George Bush likes to insist that he governs "based upon principle and not polls and focus groups." In reality, writes Joshua Green, "the Bush administration is a frequent consumer of polls, though it takes extraordinary measures to appear that it isn't." In 2001, the administration spent close to $1 million for polling, using political advisors like Jan van Lohuizen and his focus-group guru, Fred Steeper. "Policies are chosen beforehand, polls used to spin them.
President Bush's attempts to "rebrand" the United States are doomed, according to Naomi Klein. Klein analyzes of the strategy developed for the U.S. by Charlotte Beers, the advertising executive hired by the State Department as undersecretary of state for public diplomacy and public affairs. One of the problems, Klein notes, is that Beers' strategy of "branding" is itself in conflict with her attempt to equate Americanism with democracy and diversity.
Does the White House blacklist critical journalists? Nicholas Confessore examines the way journalists who flatter the Bush administration get treated compared to others.
"How good bad music and bad reasons sound when we march against an enemy," observed the philosopher Friedrich Nietzsche, and U.S. Attorney General John Ashcroft seems to have taken this to heart. Workers at the Department of Justice are complaining about being expected to sing a patriotic song written by Ashcroft himself. "Have you heard the song?
The Rendon Group received close to $100-million dollars from the CIA for work it did in Iraq in the five years following the Gulf War according to reporter Seymour Hersh in a New Yorker article. Between 1991-96, The Rendon Group did "media relations" work for the Iraqi National Congress, a coalition opposition group supported at the time by the CIA.
The Bush administration may be trying to "prepare us for a war without end," writes Ruth Rosen. "The political impetus for creating a state of perpetual war can't be ignored. George W. Bush has never forgotten his father's precipitous fall after the Persian Gulf War. Despite his currently high approval ratings, Bush also knows that a majority of Americans still favor the Democrats' domestic policies."
Secretary of Defense Rumsfeld and President Bush have backed away from the Pentagon's new propaganda arm, the Office of Strategic Influence. The administration is scrambling to deal with public backlash against the idea of a Pentagon propaganda office that would, among other actions, disseminate false and misleading information to US allies.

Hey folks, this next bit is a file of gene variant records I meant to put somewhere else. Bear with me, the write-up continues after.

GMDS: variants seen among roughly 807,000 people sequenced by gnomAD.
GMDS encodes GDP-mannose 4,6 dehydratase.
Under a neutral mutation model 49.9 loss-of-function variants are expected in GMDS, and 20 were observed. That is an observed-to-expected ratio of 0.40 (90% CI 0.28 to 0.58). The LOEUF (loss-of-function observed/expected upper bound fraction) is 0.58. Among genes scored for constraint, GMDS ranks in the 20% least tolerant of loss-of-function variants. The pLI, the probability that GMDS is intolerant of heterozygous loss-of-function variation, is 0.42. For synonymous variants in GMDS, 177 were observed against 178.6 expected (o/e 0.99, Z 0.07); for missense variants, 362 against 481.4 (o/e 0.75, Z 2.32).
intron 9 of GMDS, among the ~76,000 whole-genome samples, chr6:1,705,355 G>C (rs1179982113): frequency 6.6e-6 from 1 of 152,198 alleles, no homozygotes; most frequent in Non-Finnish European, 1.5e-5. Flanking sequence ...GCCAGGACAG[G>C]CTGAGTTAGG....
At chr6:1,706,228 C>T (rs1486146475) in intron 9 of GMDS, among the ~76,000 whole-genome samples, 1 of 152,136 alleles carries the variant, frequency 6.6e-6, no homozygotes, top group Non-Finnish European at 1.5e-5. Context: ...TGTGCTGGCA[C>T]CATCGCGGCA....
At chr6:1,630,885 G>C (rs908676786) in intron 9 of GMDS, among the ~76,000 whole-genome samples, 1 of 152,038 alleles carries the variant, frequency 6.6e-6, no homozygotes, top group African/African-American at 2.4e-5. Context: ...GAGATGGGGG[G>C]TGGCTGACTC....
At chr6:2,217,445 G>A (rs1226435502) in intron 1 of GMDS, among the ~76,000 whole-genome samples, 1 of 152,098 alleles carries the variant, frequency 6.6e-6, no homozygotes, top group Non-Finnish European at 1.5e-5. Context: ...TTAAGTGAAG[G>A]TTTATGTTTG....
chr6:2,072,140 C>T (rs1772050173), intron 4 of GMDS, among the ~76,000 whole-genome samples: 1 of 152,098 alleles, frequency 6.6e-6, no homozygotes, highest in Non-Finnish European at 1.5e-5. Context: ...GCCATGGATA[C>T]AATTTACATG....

The U.S. has imposed more restrictions on reporters in Afghanistan than in any previous U.S. war, but Hollywood has carte blanche to make feel-good "reality TV" shows about the adventure. Maureen Dowd notes that that the Pentagon is teaming with Jerry Bruckheimer, producer of "Top Gun," "Black Hawk Down," "Pearl Harbor" and "Coyote Ugly," along with Bertram van Munster of "Cops," to make a TV docudrama about the war on terrorism. "I'm outraged about the Hollywoodization of the military," says Dan Rather.
On February 19 the New York Times reported that the Pentagon's new propaganda agency, the Office of Strategic Information, was planning unethical, possibly illegal activities such as misleading the press in friendly countries. The Pentagon and White House responded to the story by going into damage control mode with a flurry of "clarifications" and backpedalling. "What people have to understand about this is very clear," Secretary of Defense Donald H. Rumsfeld said.
"The Pentagon is developing plans to provide news items, possibly even false ones, to foreign media organizations as part of a new effort to influence public sentiment and policy makers in both friendly and unfriendly countries, military officials said. ... (The US military) recently created the Office of Strategic Influence, which is proposing to broaden that mission into allied nations in the Middle East, Asia and even Western Europe. ...